The Red Sea is a unique natural laboratory for studying how tectonic plates break up and how the transition from continental extension to seafloor spreading occurs. Along with the breakup come other geologic processes, such as basin subsidence, shoulder uplift, magmatism, rift and passive margin sedimentation, and the development of a major salt basin. The active tectonism in the Red Sea causes volcanic eruptions, earthquakes, submarine slides and even tsunamis that may pose risks to coastal communities. However, the Red Sea also contains hydrocarbon, geothermal, and mineral resources that could be exploited for the benefit of society.
Several international geoscientific projects have focused on the Red Sea as have hydrocarbon exploration activities. Geoscientific research at KAUST has been steadily increasing covering its structure, sediments, geohazards, brine pools and resources. These activities have brought new data and ideas so time is ripe for a conference to report on new results and discuss outstanding challenges by bringing together local and international experts on Red Sea geoscience.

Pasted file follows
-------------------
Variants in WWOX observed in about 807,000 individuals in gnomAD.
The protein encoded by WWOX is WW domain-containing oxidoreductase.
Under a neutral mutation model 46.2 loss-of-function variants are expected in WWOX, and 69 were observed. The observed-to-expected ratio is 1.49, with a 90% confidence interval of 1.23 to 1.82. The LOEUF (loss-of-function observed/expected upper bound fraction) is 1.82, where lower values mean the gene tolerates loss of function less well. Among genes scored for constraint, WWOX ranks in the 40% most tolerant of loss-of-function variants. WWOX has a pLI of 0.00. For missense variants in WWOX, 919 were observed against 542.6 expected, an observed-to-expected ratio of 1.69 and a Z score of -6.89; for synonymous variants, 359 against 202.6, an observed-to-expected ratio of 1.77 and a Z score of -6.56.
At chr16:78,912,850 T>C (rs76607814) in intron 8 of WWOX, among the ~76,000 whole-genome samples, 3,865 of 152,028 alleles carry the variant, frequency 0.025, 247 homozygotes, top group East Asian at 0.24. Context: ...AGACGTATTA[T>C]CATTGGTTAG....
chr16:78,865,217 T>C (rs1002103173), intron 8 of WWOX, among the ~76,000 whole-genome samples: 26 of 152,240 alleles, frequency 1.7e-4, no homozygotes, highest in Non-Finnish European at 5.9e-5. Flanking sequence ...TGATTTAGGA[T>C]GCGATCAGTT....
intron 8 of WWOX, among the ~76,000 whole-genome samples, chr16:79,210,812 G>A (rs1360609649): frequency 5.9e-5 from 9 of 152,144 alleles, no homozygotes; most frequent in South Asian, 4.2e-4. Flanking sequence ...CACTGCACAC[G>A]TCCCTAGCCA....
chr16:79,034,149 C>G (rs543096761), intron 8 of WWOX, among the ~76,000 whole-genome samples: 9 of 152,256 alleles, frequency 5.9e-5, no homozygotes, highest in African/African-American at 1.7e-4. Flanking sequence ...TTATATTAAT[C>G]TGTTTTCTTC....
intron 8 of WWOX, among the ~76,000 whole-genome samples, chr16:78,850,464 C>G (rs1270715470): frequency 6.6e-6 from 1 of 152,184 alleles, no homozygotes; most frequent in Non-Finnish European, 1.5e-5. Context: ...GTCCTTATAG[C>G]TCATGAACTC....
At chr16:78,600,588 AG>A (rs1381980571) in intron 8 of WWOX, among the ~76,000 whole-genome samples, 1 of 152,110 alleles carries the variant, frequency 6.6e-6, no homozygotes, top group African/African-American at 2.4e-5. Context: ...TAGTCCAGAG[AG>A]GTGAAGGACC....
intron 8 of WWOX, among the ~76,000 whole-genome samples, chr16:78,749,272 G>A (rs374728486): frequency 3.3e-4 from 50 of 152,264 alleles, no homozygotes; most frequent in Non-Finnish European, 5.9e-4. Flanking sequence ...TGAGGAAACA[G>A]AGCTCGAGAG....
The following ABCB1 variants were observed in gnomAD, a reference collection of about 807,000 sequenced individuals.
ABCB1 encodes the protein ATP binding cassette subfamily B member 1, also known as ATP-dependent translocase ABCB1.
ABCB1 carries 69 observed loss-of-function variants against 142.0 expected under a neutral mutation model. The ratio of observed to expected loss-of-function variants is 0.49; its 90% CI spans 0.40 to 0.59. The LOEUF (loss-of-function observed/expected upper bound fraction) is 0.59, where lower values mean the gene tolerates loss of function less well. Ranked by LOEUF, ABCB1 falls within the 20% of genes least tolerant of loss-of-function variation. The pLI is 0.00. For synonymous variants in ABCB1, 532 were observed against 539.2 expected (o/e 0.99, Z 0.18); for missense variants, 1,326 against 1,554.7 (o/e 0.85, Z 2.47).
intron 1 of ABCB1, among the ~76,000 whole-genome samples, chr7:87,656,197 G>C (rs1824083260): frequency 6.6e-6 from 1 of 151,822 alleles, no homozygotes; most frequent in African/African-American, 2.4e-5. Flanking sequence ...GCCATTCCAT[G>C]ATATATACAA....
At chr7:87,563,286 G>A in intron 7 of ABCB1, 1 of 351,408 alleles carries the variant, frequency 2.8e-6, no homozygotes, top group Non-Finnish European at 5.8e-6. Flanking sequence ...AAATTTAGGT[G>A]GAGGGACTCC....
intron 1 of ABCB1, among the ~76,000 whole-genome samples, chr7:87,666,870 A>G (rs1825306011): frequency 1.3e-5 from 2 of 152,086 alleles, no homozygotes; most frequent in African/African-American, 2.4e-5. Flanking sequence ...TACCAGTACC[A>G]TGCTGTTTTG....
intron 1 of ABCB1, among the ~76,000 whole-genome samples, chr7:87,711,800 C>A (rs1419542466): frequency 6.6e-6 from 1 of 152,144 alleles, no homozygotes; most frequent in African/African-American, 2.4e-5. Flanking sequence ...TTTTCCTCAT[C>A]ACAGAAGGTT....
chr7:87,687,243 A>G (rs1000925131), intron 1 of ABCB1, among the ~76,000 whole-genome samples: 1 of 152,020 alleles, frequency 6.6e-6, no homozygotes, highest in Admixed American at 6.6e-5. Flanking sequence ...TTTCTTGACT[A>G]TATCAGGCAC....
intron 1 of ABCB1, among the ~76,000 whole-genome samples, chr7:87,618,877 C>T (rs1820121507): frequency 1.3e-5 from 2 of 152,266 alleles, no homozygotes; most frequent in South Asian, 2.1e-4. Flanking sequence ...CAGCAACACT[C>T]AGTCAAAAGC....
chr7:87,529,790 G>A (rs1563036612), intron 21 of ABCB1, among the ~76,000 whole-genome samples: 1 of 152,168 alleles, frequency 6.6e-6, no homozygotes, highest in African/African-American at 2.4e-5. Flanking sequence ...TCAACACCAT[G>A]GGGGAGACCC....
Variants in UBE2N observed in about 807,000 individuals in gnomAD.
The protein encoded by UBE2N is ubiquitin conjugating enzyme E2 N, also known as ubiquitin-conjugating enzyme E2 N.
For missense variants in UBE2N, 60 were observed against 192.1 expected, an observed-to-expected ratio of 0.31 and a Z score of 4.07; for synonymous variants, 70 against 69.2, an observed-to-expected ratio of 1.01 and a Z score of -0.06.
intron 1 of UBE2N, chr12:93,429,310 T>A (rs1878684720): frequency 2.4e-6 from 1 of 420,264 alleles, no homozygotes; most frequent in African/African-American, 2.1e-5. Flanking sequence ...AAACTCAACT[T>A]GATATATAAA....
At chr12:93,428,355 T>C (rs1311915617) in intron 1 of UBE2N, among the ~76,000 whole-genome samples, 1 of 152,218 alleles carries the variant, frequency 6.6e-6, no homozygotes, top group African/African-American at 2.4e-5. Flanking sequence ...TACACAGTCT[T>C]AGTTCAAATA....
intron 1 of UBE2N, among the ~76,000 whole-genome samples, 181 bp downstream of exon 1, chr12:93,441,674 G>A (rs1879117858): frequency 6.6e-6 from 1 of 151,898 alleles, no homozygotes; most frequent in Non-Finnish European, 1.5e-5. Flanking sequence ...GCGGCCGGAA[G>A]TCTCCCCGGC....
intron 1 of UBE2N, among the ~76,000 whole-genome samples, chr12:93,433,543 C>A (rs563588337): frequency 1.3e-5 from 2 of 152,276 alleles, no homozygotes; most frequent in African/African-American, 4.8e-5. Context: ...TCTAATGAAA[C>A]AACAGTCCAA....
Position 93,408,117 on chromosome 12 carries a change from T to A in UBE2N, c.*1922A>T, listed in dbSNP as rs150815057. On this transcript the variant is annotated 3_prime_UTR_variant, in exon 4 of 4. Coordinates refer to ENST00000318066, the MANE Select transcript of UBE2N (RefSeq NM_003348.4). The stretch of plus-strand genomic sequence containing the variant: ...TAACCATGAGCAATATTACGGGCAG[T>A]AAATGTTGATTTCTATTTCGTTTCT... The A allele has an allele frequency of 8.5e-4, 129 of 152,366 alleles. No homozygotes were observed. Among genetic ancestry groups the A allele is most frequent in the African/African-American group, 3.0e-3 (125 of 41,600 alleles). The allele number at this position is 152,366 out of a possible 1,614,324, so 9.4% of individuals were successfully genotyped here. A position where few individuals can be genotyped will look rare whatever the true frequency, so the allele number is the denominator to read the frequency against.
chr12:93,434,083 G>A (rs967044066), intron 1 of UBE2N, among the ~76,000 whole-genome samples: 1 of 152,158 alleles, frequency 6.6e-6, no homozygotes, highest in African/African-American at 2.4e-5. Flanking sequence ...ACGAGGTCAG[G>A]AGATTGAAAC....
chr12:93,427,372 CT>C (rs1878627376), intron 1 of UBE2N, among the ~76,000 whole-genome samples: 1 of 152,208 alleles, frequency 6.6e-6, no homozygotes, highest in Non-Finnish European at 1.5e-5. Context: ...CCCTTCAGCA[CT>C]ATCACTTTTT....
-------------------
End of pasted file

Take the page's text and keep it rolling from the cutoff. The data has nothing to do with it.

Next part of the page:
The conference will be held at KAUST on March 9-12, 2020 and will include a series of topical oral sessions, a poster session, discussions, as well as a social program. In addition, following the conference we will offer a one-day field excursion to interesting locations near KAUST. More specifically, the key topics of the Red Sea conference include:
● Rift evolution and basement tectonics
● Rift Structures and stratigraphy
● Salt tectonics and cold brine deeps
● Volcanic and hydrothermal activity
● Gulf of Aqaba and other transform faults